Security guru Bruce Schneier has observed that for those organizations that have incorrectly deployed cryptography, it is akin to putting a big flagpole in front of your facility and hoping that it will stop any attackers from breaking in. Of course, attackers will simply go around the flagpole rather than running into it.
In Low Tech Hacking: Street Smarts for Security Professionals, the authors, all information security veterans bring their collective experience to the printed word and show how low-tech hacks can be just as devastating as a large-scale directed attack.
The authors show how these simple attacks can be obviated by simple technical solutions, and provide numerous examples.
One of the paradigms the book uses is around lock picking. The author notes that one thing about locks is that after all is said and done, locks don’t change that much. So too with information security. Even though there is significant amounts of new technologies abound to catch new sophisticated attacks. The old school attack vectors of social engineering, poor password practices and more, are often the method in which attacks penetrate networks.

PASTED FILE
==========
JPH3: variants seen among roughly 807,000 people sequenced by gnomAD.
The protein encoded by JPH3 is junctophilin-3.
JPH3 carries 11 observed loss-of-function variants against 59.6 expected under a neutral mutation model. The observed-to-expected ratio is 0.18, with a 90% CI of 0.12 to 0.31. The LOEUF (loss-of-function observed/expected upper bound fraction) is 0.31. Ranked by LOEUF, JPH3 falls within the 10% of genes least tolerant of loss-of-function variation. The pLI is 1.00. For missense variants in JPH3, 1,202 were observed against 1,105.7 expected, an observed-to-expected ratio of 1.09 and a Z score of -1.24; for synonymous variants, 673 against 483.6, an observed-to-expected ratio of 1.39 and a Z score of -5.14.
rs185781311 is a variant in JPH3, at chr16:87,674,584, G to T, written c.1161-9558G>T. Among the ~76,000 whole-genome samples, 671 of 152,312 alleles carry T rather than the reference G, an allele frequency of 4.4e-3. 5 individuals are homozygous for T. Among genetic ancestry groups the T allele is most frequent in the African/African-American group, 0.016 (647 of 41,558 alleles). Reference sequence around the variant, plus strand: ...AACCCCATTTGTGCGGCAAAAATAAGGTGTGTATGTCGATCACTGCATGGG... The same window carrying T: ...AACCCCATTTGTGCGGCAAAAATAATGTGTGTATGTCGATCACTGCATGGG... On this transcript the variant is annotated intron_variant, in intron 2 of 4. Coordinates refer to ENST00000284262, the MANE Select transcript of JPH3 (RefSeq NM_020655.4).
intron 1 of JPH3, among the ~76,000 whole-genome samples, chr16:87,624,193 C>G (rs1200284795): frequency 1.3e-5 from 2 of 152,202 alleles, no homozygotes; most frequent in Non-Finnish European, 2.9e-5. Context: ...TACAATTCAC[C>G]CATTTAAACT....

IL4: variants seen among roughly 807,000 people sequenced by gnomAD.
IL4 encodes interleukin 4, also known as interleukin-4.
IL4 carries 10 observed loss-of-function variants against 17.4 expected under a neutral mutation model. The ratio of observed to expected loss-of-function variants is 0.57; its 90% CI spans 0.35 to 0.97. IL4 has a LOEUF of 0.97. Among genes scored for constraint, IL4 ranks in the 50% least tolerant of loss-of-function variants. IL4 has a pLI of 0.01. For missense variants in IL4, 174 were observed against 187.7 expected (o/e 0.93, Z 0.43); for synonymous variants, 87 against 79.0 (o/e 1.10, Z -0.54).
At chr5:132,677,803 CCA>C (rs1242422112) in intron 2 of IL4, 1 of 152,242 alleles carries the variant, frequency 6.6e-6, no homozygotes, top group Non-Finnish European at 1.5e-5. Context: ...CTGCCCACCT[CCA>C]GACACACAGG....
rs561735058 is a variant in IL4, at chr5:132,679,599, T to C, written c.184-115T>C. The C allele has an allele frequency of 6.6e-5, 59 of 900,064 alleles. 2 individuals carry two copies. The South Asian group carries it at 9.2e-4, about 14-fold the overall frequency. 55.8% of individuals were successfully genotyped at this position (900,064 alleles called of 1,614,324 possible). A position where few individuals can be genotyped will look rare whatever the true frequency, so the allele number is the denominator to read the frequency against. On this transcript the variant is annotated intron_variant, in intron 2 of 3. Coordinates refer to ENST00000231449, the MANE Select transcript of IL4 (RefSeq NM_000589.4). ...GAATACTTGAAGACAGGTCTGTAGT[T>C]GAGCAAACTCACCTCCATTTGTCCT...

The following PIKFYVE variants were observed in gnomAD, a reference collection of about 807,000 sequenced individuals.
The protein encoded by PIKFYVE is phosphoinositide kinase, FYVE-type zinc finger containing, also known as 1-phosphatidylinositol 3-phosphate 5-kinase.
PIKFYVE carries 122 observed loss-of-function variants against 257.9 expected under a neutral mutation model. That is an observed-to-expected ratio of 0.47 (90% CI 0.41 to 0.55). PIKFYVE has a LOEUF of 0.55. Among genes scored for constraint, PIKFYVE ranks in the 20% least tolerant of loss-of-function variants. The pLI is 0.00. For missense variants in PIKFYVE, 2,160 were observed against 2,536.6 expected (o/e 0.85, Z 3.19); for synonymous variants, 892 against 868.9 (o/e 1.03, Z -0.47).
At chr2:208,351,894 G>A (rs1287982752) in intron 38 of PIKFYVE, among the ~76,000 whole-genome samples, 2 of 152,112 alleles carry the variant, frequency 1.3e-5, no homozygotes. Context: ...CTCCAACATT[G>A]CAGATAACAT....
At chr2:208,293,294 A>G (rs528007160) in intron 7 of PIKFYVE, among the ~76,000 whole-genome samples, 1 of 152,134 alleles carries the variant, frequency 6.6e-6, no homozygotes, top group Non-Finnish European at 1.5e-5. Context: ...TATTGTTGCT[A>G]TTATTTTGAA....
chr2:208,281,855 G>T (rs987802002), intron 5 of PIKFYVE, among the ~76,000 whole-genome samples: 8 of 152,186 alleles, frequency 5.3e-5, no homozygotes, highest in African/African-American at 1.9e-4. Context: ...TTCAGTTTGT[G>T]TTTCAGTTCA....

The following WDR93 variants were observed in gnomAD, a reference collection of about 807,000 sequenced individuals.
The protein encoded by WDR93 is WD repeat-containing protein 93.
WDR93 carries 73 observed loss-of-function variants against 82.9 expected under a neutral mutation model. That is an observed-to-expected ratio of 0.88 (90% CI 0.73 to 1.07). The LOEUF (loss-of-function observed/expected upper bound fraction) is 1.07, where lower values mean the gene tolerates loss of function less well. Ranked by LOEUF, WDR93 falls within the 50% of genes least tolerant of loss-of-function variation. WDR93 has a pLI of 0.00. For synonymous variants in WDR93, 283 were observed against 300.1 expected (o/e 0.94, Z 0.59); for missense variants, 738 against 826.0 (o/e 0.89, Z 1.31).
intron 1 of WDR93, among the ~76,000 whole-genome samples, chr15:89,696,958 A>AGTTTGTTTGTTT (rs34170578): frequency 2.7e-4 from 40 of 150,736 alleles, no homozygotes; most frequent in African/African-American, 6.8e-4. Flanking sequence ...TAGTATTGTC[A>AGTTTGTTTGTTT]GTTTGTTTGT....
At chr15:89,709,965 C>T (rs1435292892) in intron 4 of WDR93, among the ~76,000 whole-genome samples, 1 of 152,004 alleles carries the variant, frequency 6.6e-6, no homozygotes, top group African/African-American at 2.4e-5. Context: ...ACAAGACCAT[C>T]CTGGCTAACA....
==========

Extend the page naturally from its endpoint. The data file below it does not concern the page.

The book provides many tips which the reader can use to protect themselves against many of the most devastatingly simple attacks. For example, in chapter 2 on physical security, the book details a mini physical security risk assessment you can do. By focusing on the low-hanging fruit, many of the simply steps the authors suggest can delay the attackers long enough that they decide to try another victim.
The book also provides ample amounts of advice to security staffers that they can use to secure their network. Much of chapter 4 is around low-tech wireless hacking. Many networks add wireless access for ease of use. But that user-friendliness also makes it easy for the attackers to connect to the network and launch their attack.
Overall, Low Tech Hacking: Street Smarts for Security Professional is a value reference for security professionals to use to ensure they are securing their networks adequately, to fend off the average attacker.
The authors have written a book that is light on theory, but heavy on actionable things the reader can quickly do to secure their network. And that is a very good thing.